Tourism bill gain approval from House committee

Published 9:55 am Friday, February 23, 2024

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The House Tourism and Outdoor Recreation Committee gave unanimous approval to two measures, one originating in the House, the other in the Senate, during their meeting on Thursday.

Senate Bill 5, sponsored by Sen. Gex Williams, R-Verona, would eliminate the current five-acre land requirement for residential landowners seeking exemptions from having to buy hunting and fishing license to use on their own property. Their family members would also be exempt from the licensing requirement. 

“Instead of aiming for sweeping changes, this bill rectifies legal misunderstandings to enhance the clarity and fairness of our hunting and fishing regulations,” Williams said. 

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Following the vote on SB 5, the panel took up House Resolution 86, which honors the 100th anniversary of the Kentucky State Parks system.

Rep. Ruth Ann Palumbo, D-Lexington, gave the members a little history lesson on the state parks. “In 1924, the citizens of Bell County, Kentucky, had a vision of establishing a state park that would attract tourism to improve their local economy. The 1924 Kentucky General Assembly created the Kentucky State Park Commission to search for available state park sites in Kentucky.”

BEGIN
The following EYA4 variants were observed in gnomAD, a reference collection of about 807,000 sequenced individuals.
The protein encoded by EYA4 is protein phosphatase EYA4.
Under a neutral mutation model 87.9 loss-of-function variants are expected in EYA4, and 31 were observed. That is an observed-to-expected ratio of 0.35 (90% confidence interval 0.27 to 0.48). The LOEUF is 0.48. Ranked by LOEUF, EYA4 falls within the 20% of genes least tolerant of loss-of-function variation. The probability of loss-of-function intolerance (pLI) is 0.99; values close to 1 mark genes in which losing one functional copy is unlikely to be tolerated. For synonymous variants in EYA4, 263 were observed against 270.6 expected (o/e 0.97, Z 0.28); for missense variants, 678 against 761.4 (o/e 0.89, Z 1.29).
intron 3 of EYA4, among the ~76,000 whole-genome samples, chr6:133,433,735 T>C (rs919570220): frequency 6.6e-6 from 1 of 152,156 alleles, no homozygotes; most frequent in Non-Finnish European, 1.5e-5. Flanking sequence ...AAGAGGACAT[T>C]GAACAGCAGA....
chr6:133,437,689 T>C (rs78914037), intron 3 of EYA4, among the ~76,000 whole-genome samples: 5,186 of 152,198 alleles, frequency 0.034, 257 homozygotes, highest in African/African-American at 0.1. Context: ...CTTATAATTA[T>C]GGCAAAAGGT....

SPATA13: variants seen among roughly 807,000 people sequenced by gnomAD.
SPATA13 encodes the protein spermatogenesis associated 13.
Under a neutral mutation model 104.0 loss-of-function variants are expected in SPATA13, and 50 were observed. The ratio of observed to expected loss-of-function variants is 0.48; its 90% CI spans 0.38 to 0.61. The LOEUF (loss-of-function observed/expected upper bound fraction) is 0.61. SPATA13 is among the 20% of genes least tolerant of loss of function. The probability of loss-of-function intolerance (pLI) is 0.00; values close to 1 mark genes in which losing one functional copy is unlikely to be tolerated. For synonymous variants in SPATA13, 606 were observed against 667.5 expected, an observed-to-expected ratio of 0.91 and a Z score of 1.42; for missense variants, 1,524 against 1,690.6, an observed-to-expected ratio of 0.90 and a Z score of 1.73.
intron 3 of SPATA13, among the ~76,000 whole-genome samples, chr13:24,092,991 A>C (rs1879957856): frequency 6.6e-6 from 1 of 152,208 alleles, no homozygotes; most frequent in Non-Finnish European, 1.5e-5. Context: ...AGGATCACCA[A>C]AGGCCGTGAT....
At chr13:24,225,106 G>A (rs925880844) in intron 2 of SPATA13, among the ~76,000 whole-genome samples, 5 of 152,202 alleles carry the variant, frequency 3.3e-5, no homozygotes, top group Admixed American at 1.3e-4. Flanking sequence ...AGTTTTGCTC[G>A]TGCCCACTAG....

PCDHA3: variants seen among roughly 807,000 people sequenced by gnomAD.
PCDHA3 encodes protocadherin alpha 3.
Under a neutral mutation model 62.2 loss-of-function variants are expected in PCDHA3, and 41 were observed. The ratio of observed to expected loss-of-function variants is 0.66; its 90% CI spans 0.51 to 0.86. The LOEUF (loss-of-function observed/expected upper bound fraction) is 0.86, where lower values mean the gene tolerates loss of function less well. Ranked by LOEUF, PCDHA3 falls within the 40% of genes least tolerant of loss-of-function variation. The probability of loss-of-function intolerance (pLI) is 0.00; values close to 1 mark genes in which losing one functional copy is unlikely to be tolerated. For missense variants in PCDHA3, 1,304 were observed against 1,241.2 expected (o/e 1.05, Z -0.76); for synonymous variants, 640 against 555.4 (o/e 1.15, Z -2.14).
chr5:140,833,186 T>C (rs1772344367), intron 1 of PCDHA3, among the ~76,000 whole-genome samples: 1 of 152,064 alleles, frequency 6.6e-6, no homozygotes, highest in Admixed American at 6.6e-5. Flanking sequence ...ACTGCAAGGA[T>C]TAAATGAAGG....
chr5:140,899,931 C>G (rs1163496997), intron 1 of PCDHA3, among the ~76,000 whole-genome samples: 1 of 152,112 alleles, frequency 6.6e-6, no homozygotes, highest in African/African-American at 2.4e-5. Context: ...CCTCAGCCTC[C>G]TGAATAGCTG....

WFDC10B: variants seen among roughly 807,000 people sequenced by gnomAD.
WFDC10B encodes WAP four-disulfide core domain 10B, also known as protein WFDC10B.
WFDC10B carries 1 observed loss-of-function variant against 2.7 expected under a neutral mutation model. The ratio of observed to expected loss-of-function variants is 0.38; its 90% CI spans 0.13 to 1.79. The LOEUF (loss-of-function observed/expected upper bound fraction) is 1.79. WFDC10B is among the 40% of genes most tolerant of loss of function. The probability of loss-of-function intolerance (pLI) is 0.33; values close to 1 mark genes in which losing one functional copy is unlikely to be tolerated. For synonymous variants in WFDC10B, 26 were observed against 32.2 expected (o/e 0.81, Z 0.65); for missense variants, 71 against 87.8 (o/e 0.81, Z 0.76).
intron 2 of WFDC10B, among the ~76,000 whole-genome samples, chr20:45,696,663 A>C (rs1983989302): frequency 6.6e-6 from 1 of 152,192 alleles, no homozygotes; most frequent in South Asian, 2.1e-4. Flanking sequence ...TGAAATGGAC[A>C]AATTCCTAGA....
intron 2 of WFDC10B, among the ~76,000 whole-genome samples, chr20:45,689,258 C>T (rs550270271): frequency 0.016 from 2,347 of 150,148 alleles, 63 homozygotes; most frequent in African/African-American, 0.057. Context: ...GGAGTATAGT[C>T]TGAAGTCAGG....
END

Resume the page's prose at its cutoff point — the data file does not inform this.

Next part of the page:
The first park created was Cumberland State Park, which was renamed in 1938 to Pine Mountain State Park. Three other parks quickly followed: Natural Bridge State Park, Pioneer Memorial State Park, and Blue-Gray State Park.

Today, the Kentucky State Parks System has grown to 45 parks, 17 of which are resorts with overnight lodging and dining. The system also has eight historic sites, 13 golf courses, 34 pools and beaches, 15 marinas, 30 campgrounds, and 48,000 acres with more than 300 miles of hiking trails.

The resolution notes that Kentucky State Parks have provided a safe haven for Kentuckians who were displaced by natural disasters, first as shelter for victims of the 1937 Ohio River 20 flood; and again in 2021 as shelter for the victims of the deadly tornadoes that struck Western Kentucky.

Both measures now head to the House floor for final action.